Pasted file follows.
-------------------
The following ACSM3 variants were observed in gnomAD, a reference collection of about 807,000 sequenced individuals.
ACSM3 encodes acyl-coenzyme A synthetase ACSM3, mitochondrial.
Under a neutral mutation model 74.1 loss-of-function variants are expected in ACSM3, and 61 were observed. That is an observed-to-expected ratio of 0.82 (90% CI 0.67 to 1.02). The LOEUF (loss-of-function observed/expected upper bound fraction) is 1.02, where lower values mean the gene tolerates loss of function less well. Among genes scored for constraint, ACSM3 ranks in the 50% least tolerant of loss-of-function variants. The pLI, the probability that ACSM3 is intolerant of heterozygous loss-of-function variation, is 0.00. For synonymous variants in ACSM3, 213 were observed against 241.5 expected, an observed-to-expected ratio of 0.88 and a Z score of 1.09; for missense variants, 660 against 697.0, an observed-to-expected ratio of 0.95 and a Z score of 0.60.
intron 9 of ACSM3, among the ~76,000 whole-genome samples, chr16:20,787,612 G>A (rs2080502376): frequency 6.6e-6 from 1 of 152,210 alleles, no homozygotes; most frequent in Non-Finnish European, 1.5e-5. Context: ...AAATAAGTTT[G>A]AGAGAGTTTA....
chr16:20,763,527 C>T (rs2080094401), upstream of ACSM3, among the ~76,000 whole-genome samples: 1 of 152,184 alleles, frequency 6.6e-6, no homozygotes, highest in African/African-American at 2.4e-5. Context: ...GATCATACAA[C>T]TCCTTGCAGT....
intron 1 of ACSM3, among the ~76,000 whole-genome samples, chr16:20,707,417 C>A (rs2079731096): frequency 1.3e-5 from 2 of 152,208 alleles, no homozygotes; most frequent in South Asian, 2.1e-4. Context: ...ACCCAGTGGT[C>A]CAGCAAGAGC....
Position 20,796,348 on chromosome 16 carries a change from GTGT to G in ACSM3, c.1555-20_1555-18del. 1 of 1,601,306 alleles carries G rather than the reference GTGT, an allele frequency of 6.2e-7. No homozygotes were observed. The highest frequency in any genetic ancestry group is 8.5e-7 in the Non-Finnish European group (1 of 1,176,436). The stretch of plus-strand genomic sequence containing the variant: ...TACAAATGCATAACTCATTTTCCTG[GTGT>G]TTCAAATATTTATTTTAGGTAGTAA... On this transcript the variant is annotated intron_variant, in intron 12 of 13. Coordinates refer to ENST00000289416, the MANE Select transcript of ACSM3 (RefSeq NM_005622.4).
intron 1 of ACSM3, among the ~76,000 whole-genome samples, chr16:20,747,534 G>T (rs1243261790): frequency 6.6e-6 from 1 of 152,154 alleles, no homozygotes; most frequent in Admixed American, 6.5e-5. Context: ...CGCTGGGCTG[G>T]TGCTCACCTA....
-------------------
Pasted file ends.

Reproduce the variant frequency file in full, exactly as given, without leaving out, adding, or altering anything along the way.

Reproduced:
The following ACSM3 variants were observed in gnomAD, a reference collection of about 807,000 sequenced individuals.
ACSM3 encodes acyl-coenzyme A synthetase ACSM3, mitochondrial.
Under a neutral mutation model 74.1 loss-of-function variants are expected in ACSM3, and 61 were observed. That is an observed-to-expected ratio of 0.82 (90% CI 0.67 to 1.02). The LOEUF (loss-of-function observed/expected upper bound fraction) is 1.02, where lower values mean the gene tolerates loss of function less well. Among genes scored for constraint, ACSM3 ranks in the 50% least tolerant of loss-of-function variants. The pLI, the probability that ACSM3 is intolerant of heterozygous loss-of-function variation, is 0.00. For synonymous variants in ACSM3, 213 were observed against 241.5 expected, an observed-to-expected ratio of 0.88 and a Z score of 1.09; for missense variants, 660 against 697.0, an observed-to-expected ratio of 0.95 and a Z score of 0.60.
intron 9 of ACSM3, among the ~76,000 whole-genome samples, chr16:20,787,612 G>A (rs2080502376): frequency 6.6e-6 from 1 of 152,210 alleles, no homozygotes; most frequent in Non-Finnish European, 1.5e-5. Context: ...AAATAAGTTT[G>A]AGAGAGTTTA....
chr16:20,763,527 C>T (rs2080094401), upstream of ACSM3, among the ~76,000 whole-genome samples: 1 of 152,184 alleles, frequency 6.6e-6, no homozygotes, highest in African/African-American at 2.4e-5. Context: ...GATCATACAA[C>T]TCCTTGCAGT....
intron 1 of ACSM3, among the ~76,000 whole-genome samples, chr16:20,707,417 C>A (rs2079731096): frequency 1.3e-5 from 2 of 152,208 alleles, no homozygotes; most frequent in South Asian, 2.1e-4. Context: ...ACCCAGTGGT[C>A]CAGCAAGAGC....
Position 20,796,348 on chromosome 16 carries a change from GTGT to G in ACSM3, c.1555-20_1555-18del. 1 of 1,601,306 alleles carries G rather than the reference GTGT, an allele frequency of 6.2e-7. No homozygotes were observed. The highest frequency in any genetic ancestry group is 8.5e-7 in the Non-Finnish European group (1 of 1,176,436). The stretch of plus-strand genomic sequence containing the variant: ...TACAAATGCATAACTCATTTTCCTG[GTGT>G]TTCAAATATTTATTTTAGGTAGTAA... On this transcript the variant is annotated intron_variant, in intron 12 of 13. Coordinates refer to ENST00000289416, the MANE Select transcript of ACSM3 (RefSeq NM_005622.4).
intron 1 of ACSM3, among the ~76,000 whole-genome samples, chr16:20,747,534 G>T (rs1243261790): frequency 6.6e-6 from 1 of 152,154 alleles, no homozygotes; most frequent in Admixed American, 6.5e-5. Context: ...CGCTGGGCTG[G>T]TGCTCACCTA....